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CS 173: Discrete Mathematical Structures. Cinda Heeren heeren@cs.uiuc.edu Rm 2213 Siebel Center Office Hours: W 9:30-11:30a. CS 173 Announcements. Homework 4 available. Due 02/12, 8a. Midterm 1: 2/23/06, 7-9p, location SC 1404. Michael Tito Janet Cindy Bobby. Katherine Scruse

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## CS 173: Discrete Mathematical Structures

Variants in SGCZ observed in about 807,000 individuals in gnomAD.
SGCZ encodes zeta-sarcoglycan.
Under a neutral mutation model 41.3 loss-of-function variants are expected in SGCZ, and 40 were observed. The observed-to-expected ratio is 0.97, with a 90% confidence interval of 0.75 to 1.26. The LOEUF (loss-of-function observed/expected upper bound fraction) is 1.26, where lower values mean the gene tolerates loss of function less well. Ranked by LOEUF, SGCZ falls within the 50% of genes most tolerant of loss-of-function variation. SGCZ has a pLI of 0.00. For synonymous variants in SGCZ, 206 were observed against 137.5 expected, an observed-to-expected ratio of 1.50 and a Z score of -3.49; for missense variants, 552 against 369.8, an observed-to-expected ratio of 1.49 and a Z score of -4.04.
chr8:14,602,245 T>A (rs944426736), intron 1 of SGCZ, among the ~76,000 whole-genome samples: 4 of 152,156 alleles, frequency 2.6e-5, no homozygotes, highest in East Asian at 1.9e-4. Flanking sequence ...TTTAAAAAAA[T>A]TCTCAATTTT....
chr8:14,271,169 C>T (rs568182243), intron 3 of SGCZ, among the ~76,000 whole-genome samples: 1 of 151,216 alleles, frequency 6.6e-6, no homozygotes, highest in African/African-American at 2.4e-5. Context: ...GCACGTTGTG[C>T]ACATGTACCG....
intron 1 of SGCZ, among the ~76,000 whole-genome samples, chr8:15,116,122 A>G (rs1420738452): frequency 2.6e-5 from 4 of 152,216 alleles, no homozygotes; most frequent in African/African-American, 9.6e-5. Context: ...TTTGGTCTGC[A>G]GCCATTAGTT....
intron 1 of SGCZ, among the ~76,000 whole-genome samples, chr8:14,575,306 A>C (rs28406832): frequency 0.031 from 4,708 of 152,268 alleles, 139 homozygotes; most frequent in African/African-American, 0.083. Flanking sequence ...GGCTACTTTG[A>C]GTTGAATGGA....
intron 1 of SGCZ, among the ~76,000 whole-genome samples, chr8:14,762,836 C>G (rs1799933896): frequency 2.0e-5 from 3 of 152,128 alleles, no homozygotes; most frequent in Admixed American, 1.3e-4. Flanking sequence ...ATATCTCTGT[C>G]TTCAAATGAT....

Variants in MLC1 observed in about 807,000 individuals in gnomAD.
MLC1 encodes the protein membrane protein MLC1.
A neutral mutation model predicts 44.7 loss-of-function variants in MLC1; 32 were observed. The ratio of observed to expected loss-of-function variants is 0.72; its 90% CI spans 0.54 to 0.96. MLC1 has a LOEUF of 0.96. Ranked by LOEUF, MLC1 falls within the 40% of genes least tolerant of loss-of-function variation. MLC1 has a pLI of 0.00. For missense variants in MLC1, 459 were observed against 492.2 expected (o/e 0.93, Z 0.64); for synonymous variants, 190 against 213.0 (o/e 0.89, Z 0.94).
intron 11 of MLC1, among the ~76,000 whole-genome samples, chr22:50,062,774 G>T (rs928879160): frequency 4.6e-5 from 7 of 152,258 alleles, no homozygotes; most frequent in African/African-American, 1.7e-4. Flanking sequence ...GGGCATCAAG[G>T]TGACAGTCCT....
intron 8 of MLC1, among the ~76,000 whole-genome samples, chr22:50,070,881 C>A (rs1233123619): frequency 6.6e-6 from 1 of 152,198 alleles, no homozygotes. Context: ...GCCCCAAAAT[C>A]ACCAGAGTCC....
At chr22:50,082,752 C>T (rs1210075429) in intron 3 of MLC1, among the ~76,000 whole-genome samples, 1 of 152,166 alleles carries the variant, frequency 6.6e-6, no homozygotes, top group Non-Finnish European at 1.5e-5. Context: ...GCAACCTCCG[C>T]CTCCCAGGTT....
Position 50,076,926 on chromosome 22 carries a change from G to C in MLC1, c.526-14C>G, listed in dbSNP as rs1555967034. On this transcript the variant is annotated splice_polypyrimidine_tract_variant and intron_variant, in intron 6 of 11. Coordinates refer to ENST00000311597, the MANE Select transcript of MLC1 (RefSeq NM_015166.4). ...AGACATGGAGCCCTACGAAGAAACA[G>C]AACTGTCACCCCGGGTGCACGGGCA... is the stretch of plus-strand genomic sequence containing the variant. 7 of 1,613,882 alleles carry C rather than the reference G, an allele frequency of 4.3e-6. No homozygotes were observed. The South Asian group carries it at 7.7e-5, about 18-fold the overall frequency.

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**CS 173:Discrete Mathematical Structures**Cinda Heeren heeren@cs.uiuc.edu Rm 2213 Siebel Center Office Hours: W 9:30-11:30a**CS 173 Announcements**• Homework 4 available. Due 02/12, 8a. • Midterm 1: 2/23/06, 7-9p, location SC 1404. Cs173 - Spring 2004**Michael Tito Janet Cindy Bobby**Katherine Scruse Carol Brady Mother Teresa CS 173 Functions - misc. properties • f() = • f({a}) = {f(a)} • f(A U B) = f(A) U f(B) • f(A B) f(A) f(B) Cs173 - Spring 2004**CS 173 Functions - misc. properties**f(A B) f(A) f(B)? Choose an arbitrary b f(A B), and show that it must also be an element of f(A) f(B). f(A B) = {x : a (A B), f(a) = x} So, a (A B) such that f(a) = b. If a A (it is), then f(a) = b f(A). If a B (it is), then f(a) = b f(B). b f(A), and b f(B), so b f(A) f(B). Cs173 - Spring 2004**Michael Tito Janet Cindy Bobby**Katherine Scruse Carol Brady Mother Teresa CS 173 Functions - misc. properties • f-1() = • f-1(A U B) = f-1(A) U f-1(B) • f-1(A B) = f-1(A) f-1(B) Cs173 - Spring 2004**Michael Tito Janet Cindy Bobby**Katherine Scruse Carol Brady Mother Teresa Not one-to-one Every b B has at most 1 preimage. CS 173 Functions - injection A function f: A B is one-to-one (injective, an injection) if a,b,c, (f(a) = b f(c) = b) a = c Cs173 - Spring 2004**Michael Tito Janet Cindy Bobby**Katherine Scruse Carol Brady Mother Teresa Not onto Every b B has at least 1 preimage. CS 173 Functions - surjection A function f: A B is onto (surjective, a surjection) if b B, a A f(a) = b Cs173 - Spring 2004**Isaak Bri Lynette Aidan Evan**Isaak Bri Lynette Aidan Evan Cinda Dee Deb Katrina Dawn Cinda Dee Deb Katrina Dawn Every b B has exactly 1 preimage. An important implication of this characteristic: The preimage (f-1) is a function! CS 173 Functions - bijection A function f: A B is bijective if it is one-to-one and onto. Cs173 - Spring 2004**yes**yes yes CS 173 Functions - examples Suppose f: R+ R+, f(x) = x2. Is f one-to-one? Is f onto? Is f bijective? Cs173 - Spring 2004**no**yes no CS 173 Functions - examples Suppose f: R R+, f(x) = x2. Is f one-to-one? Is f onto? Is f bijective? Cs173 - Spring 2004**no**no no CS 173 Functions - examples Suppose f: R R, f(x) = x2. Is f one-to-one? Is f onto? Is f bijective? Cs173 - Spring 2004**CS 173 Functions - composition**Let f:AB, and g:BC be functions. Then the composition of f and g is: (g o f)(x) = g(f(x)) Cs173 - Spring 2004**CS 173 Functions - a little problem**Let f:AB, and g:BC be functions. Prove that if f and g are one to one, then g o f :AC is one to one. Recall defn of one to one: f:A->B is 1to1 if f(a)=b and f(c)=b --> a=c. Suppose g(f(x)) = y and g(f(w)) = y. Show that x=w. f(x) = f(w) since g is 1 to 1. Then x = w since f is 1 to 1. Cs173 - Spring 2004**CS 173 Functions - another**Let f:AB, and g:BC be functions. Prove that if f and g are onto, then g o f :AC is onto. Cs173 - Spring 2004**In this course, log2 n is written lg n. If we write log n,**assume log2 n. CS 173 Familiar functions Polynomials: f(x) = a0xn + a1xn-1 + … + an-1x1 + anx0 Ex: f(x) = x3 - 2x2 + 15 Exponentials: f(x) = cdx Ex: f(x) = 310x, f(x) = ex Logarithms: log2 x = y, where 2y = x. Cs173 - Spring 2004**0**CS 173 Familiar functions Ceiling: f(x) = x the least integer y so that x y. Ex: 1.2 = 2; -1.2 = -1; 1 = 1 Floor: f(x) = x the greatest integer y so that x y. Ex: 1.8 = 1; -1.8 = -2; -5 = -5 Quiz: what is -1.2 + 1.1 ? Cs173 - Spring 2004**In this case our algorithm takes about n time units.**We say the algorithm has “order n” running time. CS 173 Two example algorithms. Suppose we wish to find the maximum number in a sequence of n numbers. How long should we spend doing this? Suppose it takes 1 time unit to make a comparison between two numbers. We really have no clue how long the algorithm takes to run, but we have an inkling that it depends linearly on n. Cs173 - Spring 2004**In this case the algorithm takes about lg n time units.**We say the algorithm has “order log n” running time. CS 173 Two example algorithms. I have a number between 0 and 63. You ask a question, I’ll tell you yes or no. How long will it take you to find my secret number? Suppose it takes 1 time unit to answer a query about my number. We really have no clue how long the algorithm takes to run, but we have an inkling that it depends logarithmically on n. Cs173 - Spring 2004**Who is the tortoise?**Who is the hare? How would you describe blue’s performance? At each distance, who wins? CS 173 Who wins the race? The following graph gives times for completing races of length x, for 4 different competitors. time distance Cs173 - Spring 2004**Every unit increase in x results in the same increase in**f(x). Linear functions CS 173 Quiz time… Describe these functions: f(x) x Cs173 - Spring 2004**Very slow growing.**Logarithmic function CS 173 Quiz time… Describe this function: Cs173 - Spring 2004**Very fast growing.**Exponential function CS 173 Quiz time… Describe this function: Cs173 - Spring 2004**Polynomial**Quadratic function CS 173 Quiz time… Describe this function: f(x) x Cs173 - Spring 2004**CS 173 Growth of functions**Algorithm analysis is concerned with: • Type of function that describes run time (we ignore constant factors since different machines have different speed/cycle) • Large values of x Cs173 - Spring 2004**We say “f(x) is big O of g(x)”**Recipe for proving f(x) = O(g(x)): find a c and k so that the inequality holds. CS 173 Growth of functions Important definition: For functions f and g we write f(x) = O(g(x)) to denote c,k so that x>k, f(x) c·g(x) Cs173 - Spring 2004**c·g(x)**g(x) We give an eventual upper bound on f(x) k CS 173 Growth of functions f(x) = O(g(x)) iff c,k so that x>k, f(x) c·g(x) f(x) x Cs173 - Spring 2004**There’s k**There’s c CS 173 Growth of functions (examples) f(x) = O(g(x)) iff c,k so that x>k, f(x) c·g(x) 3n = O(15n) since n>0, 3n 1·15n Cs173 - Spring 2004**5**8 0 5 CS 173 Growth of functions (examples) f(x) = O(g(x)) iff c,k so that x>k, f(x) c·g(x) 15n = O(3n) since n>__, 15n __·3n Cs173 - Spring 2004**1**CS 173 Growth of functions (examples) f(x) = O(g(x)) iff c,k so that x>k, f(x) c·g(x) x2 = O(x3) since x> __, x2 x3 Cs173 - Spring 2004**0**1000 CS 173 Growth of functions (examples) f(x) = O(g(x)) iff c,k so that x>k, f(x) c·g(x) 1000x2 = O(x2) since x> __, 1000x2 ____·x2 Cs173 - Spring 2004**100x 100x2**100 100x2 k = 1, c = 20100 CS 173 Growth of functions (examples) f(x) = O(g(x)) iff c,k so that x>k, f(x) c·g(x) Prove that x2 + 100x + 100 = O((1/100)x2) x2 + 100x + 100 201x2 when x > 1 20100·(1/100)x2 Cs173 - Spring 2004**Nothing works for k**Try c = 10 k = 200, c = 11 Similar problem, different technique. Try c = 11 200 CS 173 Growth of functions (examples) Prove that 5x + 100 = O(x/2) Need x> ___, 5x + 100 ___ · x/2 x> ___, 5x + 100 10 · x/2 x> ___, 5x + 100 5x + x/2 x> ___, 100 x/2 Cs173 - Spring 2004**CS173Growth of functions**Guidelines: • In general, only the largest term in a sum matters. a0xn + a1xn-1 + … + an-1x1 + anx0 = O(xn) • n dominates lg n. n5lg n = O(n6) • List of common functions in increasing O() order: 1 n (n lg n) n2 n3 … 2n n! Cs173 - Spring 2004**Questions?**CS173Growth of functions (more examples) • So Cs173 - Spring 2004**c = c1+c2,**k = max{k1,k2} CS173Growth of functions - a theorem If f1(x) = O(g1(x)) and f2(x)=O(g2(x)), then f1(x) + f2(x) = O(max{g1(x),g2(x)}) Proof: Let h(x) = max{g1(x),g2(x)})… Need to find constants c and k so that x>k, f1(x) + f2(x) c•h(x). Know f1(x) c1• g1(x) and f2(x) c2• g2(x). So, f1(x) + f2(x) c1•g1(x) + c2•g2(x) c1•h(x) + c2•h(x) = (c1+c2)•h(x) Cs173 - Spring 2004**This is just the case where g1(x) = g2(x) = g(x)**CS173Growth of functions - a corollary We know: If f1(x) = O(g1(x)) and f2(x)=O(g2(x)), then f1(x) + f2(x) = O(max{g1(x),g2(x)}) Corollary: If f1(x) = O(g(x)) and f2(x)=O(g(x)), then f1(x) + f2(x) = O(g(x)). Cs173 - Spring 2004**CS173Growth of functions - another theorem**If f1(x) = O(g1(x)) and f2(x)=O(g2(x)), then f1(x)·f2(x) = O(g1(x)·g2(x)) Proof: Cs173 - Spring 2004